**Figure 7**. SelEnergyPerm case study examining the association between abnormal fecal calprotectin levels and the gut microbiome composition in nonIBD and IBD individuals using WGS data. **(A)** SelEnergyPerm permutation test results displaying the null distribution of the *cF* statistic (Histogram, Density, and Points) and the empirical *cF* statistic (dashed red vertical line). **(B)** AUC comparisons of fecal calprotectin level (Abnormal/Normal) discrimination using PLS-DA with 2 components. Models were trained with repeated (*r* = 20) 10-fold cross-validation using either the SelEnergyPerm signature or all logratios. Points represent the mean AUC and error bars indicate the 95% CI. **(C)** PLS-DA latent space projection plot extracted from final PLS-DA model fit using the full dataset with the SelEnergyPerm signature. Points represent non-IBD or IBD samples. **(D)** Directed network (edges point from numerator to denominator) of the SelEnergyPerm-selected logratio signature (nodes = taxa, node size = DCV strength, edges = logratio, edge width/color = PLS-DA Variable Importance). The top 5 taxa names by strength (PLS-DA Variable Importance) are displayed. **(E)** Logratio means comparison (normal/abnormal fecal calprotectin level) of each logratio included in the SelEnergyPerm signature stratified by Crohn's Disease (CD), Ulcerative Colitis (UC), and non-IBD individuals. Significance codes (ns, *, **, ***, ****) indicate BH corrected (within diagnosis) p-value < (Not Significant, 0.05, 0.01, 0.001, 1e-4, 0) for normal vs. abnormal Wilcoxon Rank Sum Test. Error bars indicate the 95% CI of the mean. Notably, error bars that do not span 0 indicate numerator/denominator is on average more abundant than the opposite.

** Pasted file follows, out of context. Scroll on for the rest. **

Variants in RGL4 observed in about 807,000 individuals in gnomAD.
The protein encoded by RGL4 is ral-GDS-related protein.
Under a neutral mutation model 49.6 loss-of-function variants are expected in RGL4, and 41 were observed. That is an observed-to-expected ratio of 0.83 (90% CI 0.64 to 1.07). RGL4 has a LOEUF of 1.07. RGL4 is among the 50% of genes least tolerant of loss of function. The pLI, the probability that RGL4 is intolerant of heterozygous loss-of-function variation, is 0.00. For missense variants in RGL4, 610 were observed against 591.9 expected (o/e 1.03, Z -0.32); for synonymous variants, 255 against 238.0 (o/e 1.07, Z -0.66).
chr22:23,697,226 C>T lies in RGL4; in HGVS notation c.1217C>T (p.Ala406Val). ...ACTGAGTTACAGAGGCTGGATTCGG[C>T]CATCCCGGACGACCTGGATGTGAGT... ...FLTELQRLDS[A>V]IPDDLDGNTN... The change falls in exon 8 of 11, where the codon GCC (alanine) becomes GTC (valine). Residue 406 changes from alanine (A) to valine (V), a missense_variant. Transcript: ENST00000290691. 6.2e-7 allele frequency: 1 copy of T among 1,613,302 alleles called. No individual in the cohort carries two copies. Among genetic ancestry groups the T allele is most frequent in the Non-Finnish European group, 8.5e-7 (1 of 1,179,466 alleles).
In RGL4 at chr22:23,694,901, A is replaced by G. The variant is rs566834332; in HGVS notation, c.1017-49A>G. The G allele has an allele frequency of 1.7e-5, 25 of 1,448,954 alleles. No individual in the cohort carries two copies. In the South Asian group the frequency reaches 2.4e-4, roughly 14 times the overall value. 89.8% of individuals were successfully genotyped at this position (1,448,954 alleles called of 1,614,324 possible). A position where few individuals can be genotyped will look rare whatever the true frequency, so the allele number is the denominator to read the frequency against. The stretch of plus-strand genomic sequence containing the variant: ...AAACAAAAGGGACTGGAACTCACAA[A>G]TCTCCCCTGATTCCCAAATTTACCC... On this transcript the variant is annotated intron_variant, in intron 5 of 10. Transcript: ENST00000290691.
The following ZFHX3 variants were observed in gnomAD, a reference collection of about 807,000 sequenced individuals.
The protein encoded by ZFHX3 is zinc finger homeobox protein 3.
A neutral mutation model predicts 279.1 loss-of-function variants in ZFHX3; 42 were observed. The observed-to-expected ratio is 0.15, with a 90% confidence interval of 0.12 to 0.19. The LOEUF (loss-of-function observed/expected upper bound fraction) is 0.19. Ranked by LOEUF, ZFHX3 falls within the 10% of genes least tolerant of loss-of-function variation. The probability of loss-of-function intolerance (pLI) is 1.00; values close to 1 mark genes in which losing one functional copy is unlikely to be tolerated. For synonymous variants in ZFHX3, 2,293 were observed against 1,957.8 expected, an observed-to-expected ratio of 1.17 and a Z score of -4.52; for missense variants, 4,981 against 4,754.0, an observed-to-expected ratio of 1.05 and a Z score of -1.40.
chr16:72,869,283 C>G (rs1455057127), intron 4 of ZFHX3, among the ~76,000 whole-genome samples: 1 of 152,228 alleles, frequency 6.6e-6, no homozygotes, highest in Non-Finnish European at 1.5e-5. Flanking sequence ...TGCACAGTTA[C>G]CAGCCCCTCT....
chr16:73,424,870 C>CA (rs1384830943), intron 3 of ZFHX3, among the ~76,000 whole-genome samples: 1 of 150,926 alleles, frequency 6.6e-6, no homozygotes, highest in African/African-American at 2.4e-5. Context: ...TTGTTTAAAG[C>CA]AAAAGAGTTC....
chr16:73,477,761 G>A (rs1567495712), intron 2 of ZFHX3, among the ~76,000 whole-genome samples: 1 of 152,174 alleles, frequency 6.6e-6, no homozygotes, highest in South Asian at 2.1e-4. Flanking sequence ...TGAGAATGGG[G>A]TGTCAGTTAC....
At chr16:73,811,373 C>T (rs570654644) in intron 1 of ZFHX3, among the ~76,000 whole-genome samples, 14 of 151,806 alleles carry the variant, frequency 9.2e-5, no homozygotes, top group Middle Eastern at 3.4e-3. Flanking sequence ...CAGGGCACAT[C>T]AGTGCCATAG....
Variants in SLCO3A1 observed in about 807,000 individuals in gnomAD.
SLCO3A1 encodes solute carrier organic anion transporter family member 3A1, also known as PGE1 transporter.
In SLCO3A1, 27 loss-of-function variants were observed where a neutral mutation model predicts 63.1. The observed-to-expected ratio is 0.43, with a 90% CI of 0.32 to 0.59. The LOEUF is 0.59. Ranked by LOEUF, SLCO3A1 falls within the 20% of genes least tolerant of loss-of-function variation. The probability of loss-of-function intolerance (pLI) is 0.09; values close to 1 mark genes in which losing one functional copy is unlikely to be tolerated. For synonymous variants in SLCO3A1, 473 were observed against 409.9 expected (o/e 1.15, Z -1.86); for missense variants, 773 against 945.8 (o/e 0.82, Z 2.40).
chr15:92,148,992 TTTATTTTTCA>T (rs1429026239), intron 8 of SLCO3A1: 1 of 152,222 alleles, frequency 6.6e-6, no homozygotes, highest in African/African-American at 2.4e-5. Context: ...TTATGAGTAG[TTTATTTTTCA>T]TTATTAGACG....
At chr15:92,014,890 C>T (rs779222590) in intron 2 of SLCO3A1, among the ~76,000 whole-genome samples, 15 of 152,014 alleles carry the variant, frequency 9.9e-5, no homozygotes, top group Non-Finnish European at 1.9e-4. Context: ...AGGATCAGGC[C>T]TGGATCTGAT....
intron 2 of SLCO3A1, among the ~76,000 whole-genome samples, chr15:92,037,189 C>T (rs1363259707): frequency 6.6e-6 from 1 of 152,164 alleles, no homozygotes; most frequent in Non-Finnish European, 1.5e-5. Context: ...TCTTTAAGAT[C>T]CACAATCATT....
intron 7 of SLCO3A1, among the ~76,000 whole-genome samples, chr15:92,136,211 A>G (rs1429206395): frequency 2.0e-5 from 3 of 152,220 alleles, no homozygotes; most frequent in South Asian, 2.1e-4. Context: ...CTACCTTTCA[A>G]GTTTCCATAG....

### 3.7. Association Between the Gut Microbiomes of Infants in Early Life and the Development of Allergen-Specific Sensitization

In this case study, we apply SelEnergyPerm to WGS gut microbiome data from the DIABIMMUNE study (Vatanen et al., 2016). The focus of this longitudinal study was to characterize interactions between the immune system and the gut microbiome in the context of autoimmunity and allergy. Specifically, the gut microbiomes of infants from Finland, Russia, and Estonia were profiled monthly during the first 3 years of life. Here we apply SelEnergyPerm to test if associations exist between allergy status and the composition of the gut microbiome at 6-month intervals during the first 2 years of life. Allergy status was defined as food allergy (FA) if the host reported an allergy to egg, peanuts, and/or milk at year 2 (non-FA otherwise). We extracted 646 samples from 192 infants (Russia = 53, Finland = 70, Estonia = 59) across 170 unique species (14,365 logratios).